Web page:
Johnson looks forward to a smooth transition from middle to high school athletics and hopes to receive an invite to the Elite 11 Football Camp. Elite 11 is a quarterback camp and competition where the best high school quarterbacks in each class come together to showcase their skills. Owensboro quarterback Gavin Wimsatt was invited in 2021.

He acknowledged he would need to work hard and dedicate a lot of time and effort to the weight room and his trade.

If football as a career doesn’t work out, Johnson said he would also love to coach basketball at the college level.

Until then, he will continue to perfect his craft and have fun playing the sports he loves with his friends.

“I am grateful for all the coaches and people who have taken their time and money to help me get to where I am,” Johnson said.

February // March 2023 OWENSBORO PARENT 21
Written by John Kirkpatrick // Photos by Jamie Plain



Dre’Mail (Dre) Carothers is an elite athlete at Owensboro Catholic Middle School, playing the “big 3” for the Aces. Whether it is baseball, basketball, or football, Carothers offers an unparalleled level of athleticism.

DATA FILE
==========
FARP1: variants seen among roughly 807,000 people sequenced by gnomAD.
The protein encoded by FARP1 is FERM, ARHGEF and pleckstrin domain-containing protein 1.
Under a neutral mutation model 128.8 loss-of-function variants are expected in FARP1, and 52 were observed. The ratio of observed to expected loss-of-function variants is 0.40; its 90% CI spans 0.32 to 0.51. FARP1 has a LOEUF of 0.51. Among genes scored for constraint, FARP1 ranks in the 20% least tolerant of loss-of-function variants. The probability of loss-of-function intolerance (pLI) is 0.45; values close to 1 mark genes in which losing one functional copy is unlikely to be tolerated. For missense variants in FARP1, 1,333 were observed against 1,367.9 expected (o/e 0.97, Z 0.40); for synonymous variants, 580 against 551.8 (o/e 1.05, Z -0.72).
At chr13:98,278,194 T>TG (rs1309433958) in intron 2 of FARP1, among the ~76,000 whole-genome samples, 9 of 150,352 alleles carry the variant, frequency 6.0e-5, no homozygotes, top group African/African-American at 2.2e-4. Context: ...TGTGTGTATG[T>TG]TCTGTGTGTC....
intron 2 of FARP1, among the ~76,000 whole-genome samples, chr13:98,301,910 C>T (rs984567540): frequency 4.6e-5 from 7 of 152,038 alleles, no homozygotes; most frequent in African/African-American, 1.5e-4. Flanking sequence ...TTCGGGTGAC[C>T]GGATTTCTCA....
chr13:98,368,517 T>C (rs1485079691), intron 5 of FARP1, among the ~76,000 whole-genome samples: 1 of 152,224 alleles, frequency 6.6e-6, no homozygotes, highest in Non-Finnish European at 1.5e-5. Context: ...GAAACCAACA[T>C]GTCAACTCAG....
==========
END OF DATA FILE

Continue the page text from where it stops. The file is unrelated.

Carothers said whatever sport he’s playing at the moment; that’s his favorite.

“I find so much enjoyment in playing sports,” Carothers said. “I like the challenge and the competition. It’s always nice seeing my skills improve and reaching new personal goals.”

Elite athletes surround Carothers, with several of his family members holding high

school athletic records and playing collegiate sports.

Many consider Carother’s grandfather to be one of the best two-sport athletes from Bowling Green High School, rushing for over 1,000 yards in football and earning all-region honors in basketball.

The hall of fame family also includes former Hilltopper basketball star George Fant who transitioned to football at the professional level and now plays in the NFL. Other relatives include Kentucky State Sweet Sixteen MVP Brock Whitney and former Mr. Football Jamal Carothers.

“My family inspires me,” he said. “They make me realize that I

need to and want to be better than them.”

Carothers maintains a hectic training schedule, training for all three sports year-round. Right now, he’s focused on basketball, with practice three times a week and games two to three days per week.

To stay crisp in his other sports, he attends pitching and hitting lessons on Wednesdays, Fridays, and Saturdays and quarterback lessons on Sundays. He modifies this schedule as the seasons shift.

Carothers has one goal, and it’s simple: “To be one of the best athletes to ever come out of the state of Kentucky.”